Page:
by Bryan Lindenberger

With heightened emphasis on student test scores, many researchers, educators and employers have seen a need to place greater focus on skills that likely won't show up on a multiple-choice test.

Photo of a female University of West Georgia student practicing woodworkingLiberal arts and humanities - part of the classic core of education – are gaining wider attention thanks to a national initiative called Liberal Education and America’s Promise (LEAP).

Launched in 2005 by the Association of American Colleges and Universities (AAC&U), LEAP emphasizes analysis, critical thinking, written and oral communication, personal responsibility, civic and engagement and other skills that form a more rounded, engaged individual both in- and outside the workplace.

Helping lead the way, the University of West Georgia’s LEAP West! program has made great strides in the last year. Dr. Micheal Crafton, provost and vice president of academic affairs as well as a professor of English at UWG, spoke recently on the headway made in the LEAP West! initiative.

“We, along with five other institutions in the state, have just been picked to be part of a massive Lumina grant,” he said.

Crafton noted the grant will stress high-impact practices to positively influence students who face a particular set of challenges.

“These are often persons from low socio-economic backgrounds or first-generation students,” said Crafton. “I am of both, so I can relate to this.”

Intensive seminars, study abroad trips, internships, community service activities, undergraduate research in labs and presentations at conferences are examples of high-impact practices. Yet many students lack the resources to take advantage of these often life-changing opportunities because of economic constraints or lack of confidence - not a lack of ability or interest.

“We’re going to get some money to help change that,” Crafton said, referring again to the Lumina funding of TS3, or Taking Student Success to Scale. A National Association of System Heads (NASH) initiative, Lumina awarded NASH $1.2 million over two years in support of the program, with UWG being one of only six institutions in Georgia taking part.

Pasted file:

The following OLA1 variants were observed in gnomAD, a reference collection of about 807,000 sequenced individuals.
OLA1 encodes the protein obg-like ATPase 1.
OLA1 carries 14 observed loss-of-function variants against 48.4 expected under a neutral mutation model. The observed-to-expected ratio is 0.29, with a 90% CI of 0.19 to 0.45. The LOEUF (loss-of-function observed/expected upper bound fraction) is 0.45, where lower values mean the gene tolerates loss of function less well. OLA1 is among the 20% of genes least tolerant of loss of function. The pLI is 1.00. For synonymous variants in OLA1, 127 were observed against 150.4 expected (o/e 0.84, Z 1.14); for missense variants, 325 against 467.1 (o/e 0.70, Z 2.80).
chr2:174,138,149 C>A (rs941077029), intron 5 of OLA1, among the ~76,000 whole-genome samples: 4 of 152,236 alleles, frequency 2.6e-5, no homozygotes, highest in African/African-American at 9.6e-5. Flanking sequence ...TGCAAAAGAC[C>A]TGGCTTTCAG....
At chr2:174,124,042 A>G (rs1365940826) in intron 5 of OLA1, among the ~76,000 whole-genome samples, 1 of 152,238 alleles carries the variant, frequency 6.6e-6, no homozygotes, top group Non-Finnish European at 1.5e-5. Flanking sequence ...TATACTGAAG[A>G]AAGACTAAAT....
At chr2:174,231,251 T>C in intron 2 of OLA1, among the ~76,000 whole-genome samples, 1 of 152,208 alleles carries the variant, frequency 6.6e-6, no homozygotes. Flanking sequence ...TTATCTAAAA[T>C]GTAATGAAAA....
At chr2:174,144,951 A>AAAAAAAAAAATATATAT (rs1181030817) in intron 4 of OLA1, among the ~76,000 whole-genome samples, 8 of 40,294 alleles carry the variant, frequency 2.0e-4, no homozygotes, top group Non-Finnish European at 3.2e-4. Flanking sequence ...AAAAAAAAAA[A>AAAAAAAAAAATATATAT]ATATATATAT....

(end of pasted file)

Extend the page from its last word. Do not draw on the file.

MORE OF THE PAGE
LEAP is thoughtfully designed to take on two sets of goals. One is essential learning outcomes, which address the core skills required of students, such as writing or critical thinking.

“The number one criticism we hear from employers is that their hires can’t write,” Crafton said. “Essential learning outcomes not only addresses written and oral communication, but factors such as civic knowledge, inquiry and analysis and ethical reasoning and action.

The other set of goals is called principles of excellence.

“These ask us to hold nothing but the highest expectation of our students and ourselves,” Crafton said. “To achieve excellence and inclusiveness so we are working always on these issues of community, civic responsibility, equity and inclusion, as well as the highest forms of academic achievement.”

Along with high-impact practices, LEAP employs other means to achieve its goals, such as in-depth seminars for incoming students as well as a senior capstone seminar. In between lie guided learning pathways, which provide educational opportunities that are, according to the AAC&U, “rich in relevant, inquiry-based, engaged practices that serve as catalysts to increased completion for underserved students.”

According to Crafton, the LEAP West! program is about more than what a student wants to do with a college degree.

“It’s about what you want to do with your life,” he said.

Posted on February 28, 2018